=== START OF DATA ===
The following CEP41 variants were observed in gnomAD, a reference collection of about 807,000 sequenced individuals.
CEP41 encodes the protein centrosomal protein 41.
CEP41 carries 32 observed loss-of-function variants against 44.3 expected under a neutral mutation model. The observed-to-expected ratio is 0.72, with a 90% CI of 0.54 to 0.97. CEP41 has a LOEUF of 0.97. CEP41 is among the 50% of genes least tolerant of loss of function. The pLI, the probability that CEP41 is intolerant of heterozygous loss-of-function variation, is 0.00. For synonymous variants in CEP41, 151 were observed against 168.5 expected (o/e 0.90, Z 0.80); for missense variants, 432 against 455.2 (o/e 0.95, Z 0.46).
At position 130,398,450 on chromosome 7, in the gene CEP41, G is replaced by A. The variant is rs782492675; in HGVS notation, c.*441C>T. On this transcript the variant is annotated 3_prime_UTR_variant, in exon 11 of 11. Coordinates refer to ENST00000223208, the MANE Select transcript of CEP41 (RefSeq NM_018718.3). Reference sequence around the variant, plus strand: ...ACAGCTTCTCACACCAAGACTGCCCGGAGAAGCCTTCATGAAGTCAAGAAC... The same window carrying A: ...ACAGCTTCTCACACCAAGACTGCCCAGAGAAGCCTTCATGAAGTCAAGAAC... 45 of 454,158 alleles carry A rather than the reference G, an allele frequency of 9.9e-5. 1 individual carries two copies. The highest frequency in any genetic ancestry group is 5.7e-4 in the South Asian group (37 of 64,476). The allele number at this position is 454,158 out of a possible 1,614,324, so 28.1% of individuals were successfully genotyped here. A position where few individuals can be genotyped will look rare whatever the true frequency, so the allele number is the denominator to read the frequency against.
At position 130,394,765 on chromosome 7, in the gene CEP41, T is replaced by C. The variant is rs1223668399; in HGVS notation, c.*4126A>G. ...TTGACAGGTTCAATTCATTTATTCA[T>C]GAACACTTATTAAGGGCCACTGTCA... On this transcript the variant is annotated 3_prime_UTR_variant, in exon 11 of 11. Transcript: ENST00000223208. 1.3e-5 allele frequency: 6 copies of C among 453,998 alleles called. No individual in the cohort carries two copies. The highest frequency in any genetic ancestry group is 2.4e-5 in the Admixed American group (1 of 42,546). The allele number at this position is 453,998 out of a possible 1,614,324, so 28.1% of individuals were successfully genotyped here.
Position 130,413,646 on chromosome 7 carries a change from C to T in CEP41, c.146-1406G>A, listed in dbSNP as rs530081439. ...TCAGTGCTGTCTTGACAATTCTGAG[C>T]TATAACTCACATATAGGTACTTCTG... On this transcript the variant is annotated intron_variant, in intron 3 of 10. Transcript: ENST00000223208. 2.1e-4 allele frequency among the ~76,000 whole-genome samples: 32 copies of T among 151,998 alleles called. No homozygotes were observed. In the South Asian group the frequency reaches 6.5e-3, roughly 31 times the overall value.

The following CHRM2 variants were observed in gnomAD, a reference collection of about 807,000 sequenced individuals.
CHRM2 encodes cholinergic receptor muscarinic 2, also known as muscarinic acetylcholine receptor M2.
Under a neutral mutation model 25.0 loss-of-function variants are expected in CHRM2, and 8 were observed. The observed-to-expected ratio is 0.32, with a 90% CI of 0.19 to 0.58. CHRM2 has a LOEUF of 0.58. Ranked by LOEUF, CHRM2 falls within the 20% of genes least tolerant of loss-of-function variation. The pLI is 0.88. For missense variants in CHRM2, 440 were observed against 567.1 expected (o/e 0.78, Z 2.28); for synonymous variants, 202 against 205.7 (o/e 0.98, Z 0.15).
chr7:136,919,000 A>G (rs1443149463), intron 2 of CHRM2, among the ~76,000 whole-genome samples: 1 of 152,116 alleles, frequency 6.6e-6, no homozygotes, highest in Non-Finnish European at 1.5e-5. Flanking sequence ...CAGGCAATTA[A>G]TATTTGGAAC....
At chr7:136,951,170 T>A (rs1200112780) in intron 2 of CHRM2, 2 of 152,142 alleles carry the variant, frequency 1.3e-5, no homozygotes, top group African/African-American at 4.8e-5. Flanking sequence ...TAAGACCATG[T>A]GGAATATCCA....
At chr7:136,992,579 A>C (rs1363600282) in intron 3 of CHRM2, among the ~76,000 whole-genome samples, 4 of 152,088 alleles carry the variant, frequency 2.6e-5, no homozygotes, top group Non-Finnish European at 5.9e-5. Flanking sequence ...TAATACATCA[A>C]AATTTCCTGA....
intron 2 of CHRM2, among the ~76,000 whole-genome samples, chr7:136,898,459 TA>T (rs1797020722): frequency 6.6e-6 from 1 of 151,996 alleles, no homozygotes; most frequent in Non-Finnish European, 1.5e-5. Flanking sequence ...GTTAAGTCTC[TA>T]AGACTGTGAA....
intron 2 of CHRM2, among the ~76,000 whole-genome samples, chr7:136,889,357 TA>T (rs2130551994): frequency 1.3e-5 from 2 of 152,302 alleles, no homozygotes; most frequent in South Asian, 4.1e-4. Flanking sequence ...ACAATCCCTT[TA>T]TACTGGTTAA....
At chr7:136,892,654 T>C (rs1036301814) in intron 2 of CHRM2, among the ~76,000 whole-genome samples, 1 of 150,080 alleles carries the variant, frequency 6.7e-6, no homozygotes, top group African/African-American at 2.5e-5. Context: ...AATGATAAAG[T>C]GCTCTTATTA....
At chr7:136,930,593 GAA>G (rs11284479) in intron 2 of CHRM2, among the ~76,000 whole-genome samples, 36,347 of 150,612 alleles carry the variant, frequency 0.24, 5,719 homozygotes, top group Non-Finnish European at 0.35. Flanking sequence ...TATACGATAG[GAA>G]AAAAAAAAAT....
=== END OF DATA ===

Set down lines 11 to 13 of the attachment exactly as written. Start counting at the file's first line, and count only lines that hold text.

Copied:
At chr7:136,951,170 T>A (rs1200112780) in intron 2 of CHRM2, 2 of 152,142 alleles carry the variant, frequency 1.3e-5, no homozygotes, top group African/African-American at 4.8e-5. Flanking sequence ...TAAGACCATG[T>A]GGAATATCCA....
At chr7:136,992,579 A>C (rs1363600282) in intron 3 of CHRM2, among the ~76,000 whole-genome samples, 4 of 152,088 alleles carry the variant, frequency 2.6e-5, no homozygotes, top group Non-Finnish European at 5.9e-5. Flanking sequence ...TAATACATCA[A>C]AATTTCCTGA....
intron 2 of CHRM2, among the ~76,000 whole-genome samples, chr7:136,898,459 TA>T (rs1797020722): frequency 6.6e-6 from 1 of 151,996 alleles, no homozygotes; most frequent in Non-Finnish European, 1.5e-5. Flanking sequence ...GTTAAGTCTC[TA>T]AGACTGTGAA....